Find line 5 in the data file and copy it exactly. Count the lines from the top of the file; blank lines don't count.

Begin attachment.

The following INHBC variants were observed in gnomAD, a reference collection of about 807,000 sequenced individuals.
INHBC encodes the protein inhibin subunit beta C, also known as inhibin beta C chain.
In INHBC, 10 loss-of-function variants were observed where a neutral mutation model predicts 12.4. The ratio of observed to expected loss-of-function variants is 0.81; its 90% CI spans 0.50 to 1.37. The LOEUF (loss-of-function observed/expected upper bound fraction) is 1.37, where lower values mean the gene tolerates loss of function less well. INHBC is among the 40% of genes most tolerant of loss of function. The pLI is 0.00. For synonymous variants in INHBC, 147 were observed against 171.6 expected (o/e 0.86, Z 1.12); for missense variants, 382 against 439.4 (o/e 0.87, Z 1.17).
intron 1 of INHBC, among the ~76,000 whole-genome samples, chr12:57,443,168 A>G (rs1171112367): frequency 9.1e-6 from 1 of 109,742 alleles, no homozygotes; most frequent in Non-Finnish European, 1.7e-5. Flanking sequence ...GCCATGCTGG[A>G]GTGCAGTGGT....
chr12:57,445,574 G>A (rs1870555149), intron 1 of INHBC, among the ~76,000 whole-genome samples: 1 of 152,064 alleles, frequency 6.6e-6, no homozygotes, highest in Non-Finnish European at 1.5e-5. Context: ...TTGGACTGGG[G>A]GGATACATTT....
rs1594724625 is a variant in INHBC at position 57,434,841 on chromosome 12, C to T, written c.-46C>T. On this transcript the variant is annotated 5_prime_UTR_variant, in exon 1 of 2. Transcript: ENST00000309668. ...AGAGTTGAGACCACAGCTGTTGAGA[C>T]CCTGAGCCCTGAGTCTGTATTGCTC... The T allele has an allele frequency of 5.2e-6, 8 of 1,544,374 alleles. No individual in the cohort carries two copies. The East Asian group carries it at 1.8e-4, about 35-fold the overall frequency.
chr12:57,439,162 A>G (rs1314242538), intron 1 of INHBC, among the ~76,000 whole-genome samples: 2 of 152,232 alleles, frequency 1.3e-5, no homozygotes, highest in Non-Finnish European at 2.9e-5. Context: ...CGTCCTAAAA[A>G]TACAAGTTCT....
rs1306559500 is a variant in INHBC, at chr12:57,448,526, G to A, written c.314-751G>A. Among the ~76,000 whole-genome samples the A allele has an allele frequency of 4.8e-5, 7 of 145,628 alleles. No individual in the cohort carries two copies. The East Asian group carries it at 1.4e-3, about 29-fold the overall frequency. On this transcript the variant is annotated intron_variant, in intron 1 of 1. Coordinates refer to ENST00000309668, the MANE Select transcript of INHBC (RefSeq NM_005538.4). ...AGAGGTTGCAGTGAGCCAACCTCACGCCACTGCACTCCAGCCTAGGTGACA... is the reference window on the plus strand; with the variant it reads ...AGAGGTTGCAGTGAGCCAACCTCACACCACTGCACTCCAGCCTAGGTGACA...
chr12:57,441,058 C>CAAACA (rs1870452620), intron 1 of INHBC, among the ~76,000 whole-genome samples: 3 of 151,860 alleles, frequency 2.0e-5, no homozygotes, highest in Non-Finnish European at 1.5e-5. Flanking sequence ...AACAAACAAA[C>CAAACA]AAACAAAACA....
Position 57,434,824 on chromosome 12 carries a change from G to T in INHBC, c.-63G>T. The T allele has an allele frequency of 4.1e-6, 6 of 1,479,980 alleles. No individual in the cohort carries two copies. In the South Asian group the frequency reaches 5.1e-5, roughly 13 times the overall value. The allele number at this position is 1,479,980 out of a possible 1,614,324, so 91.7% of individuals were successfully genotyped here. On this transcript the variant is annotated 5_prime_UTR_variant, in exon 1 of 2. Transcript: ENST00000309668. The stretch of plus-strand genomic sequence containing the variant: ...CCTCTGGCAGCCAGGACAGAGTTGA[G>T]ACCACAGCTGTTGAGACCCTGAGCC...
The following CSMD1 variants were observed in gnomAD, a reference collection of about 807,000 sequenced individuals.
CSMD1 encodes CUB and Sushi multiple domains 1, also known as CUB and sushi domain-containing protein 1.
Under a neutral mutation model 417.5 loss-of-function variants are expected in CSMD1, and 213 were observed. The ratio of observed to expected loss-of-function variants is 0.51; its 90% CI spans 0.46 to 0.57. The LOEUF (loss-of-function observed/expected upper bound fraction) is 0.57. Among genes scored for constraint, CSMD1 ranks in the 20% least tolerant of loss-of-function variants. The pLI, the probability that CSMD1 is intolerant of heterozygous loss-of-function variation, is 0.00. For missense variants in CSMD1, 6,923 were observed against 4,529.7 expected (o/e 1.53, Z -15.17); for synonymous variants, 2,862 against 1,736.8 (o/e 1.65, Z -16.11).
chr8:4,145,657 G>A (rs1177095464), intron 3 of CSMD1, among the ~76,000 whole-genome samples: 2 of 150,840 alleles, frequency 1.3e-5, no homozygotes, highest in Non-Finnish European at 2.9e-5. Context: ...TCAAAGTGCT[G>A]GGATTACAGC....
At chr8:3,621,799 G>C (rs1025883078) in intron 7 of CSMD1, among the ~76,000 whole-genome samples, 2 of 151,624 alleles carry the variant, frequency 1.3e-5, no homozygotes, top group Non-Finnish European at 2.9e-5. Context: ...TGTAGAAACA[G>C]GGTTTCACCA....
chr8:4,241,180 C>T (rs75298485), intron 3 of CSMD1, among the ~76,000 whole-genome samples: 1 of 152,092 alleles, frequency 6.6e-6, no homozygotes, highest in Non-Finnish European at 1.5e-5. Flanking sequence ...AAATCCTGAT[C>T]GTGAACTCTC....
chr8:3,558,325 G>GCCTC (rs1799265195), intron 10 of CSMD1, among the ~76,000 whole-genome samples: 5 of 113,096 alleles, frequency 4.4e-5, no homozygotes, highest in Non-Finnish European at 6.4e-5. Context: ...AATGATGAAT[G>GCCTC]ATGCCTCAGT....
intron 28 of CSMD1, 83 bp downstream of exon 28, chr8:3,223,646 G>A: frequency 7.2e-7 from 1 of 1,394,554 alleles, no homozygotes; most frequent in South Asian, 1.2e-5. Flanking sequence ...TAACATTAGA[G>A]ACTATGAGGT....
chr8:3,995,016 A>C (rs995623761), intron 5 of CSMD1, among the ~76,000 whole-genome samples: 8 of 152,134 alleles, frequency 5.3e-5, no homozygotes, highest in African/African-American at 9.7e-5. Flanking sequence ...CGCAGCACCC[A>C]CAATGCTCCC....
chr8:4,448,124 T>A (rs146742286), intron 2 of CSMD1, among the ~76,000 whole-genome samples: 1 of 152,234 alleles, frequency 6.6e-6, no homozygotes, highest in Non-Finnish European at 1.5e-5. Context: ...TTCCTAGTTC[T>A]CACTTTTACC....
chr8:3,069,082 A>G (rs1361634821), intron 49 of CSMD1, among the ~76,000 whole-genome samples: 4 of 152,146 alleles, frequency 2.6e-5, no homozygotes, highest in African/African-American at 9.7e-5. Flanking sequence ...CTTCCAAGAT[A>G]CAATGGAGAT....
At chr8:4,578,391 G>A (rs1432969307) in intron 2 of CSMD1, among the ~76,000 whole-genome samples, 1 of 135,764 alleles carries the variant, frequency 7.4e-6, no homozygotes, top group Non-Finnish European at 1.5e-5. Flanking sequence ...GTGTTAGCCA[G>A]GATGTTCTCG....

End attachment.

chr12:57,445,574 G>A (rs1870555149), intron 1 of INHBC, among the ~76,000 whole-genome samples: 1 of 152,064 alleles, frequency 6.6e-6, no homozygotes, highest in Non-Finnish European at 1.5e-5. Context: ...TTGGACTGGG[G>A]GGATACATTT....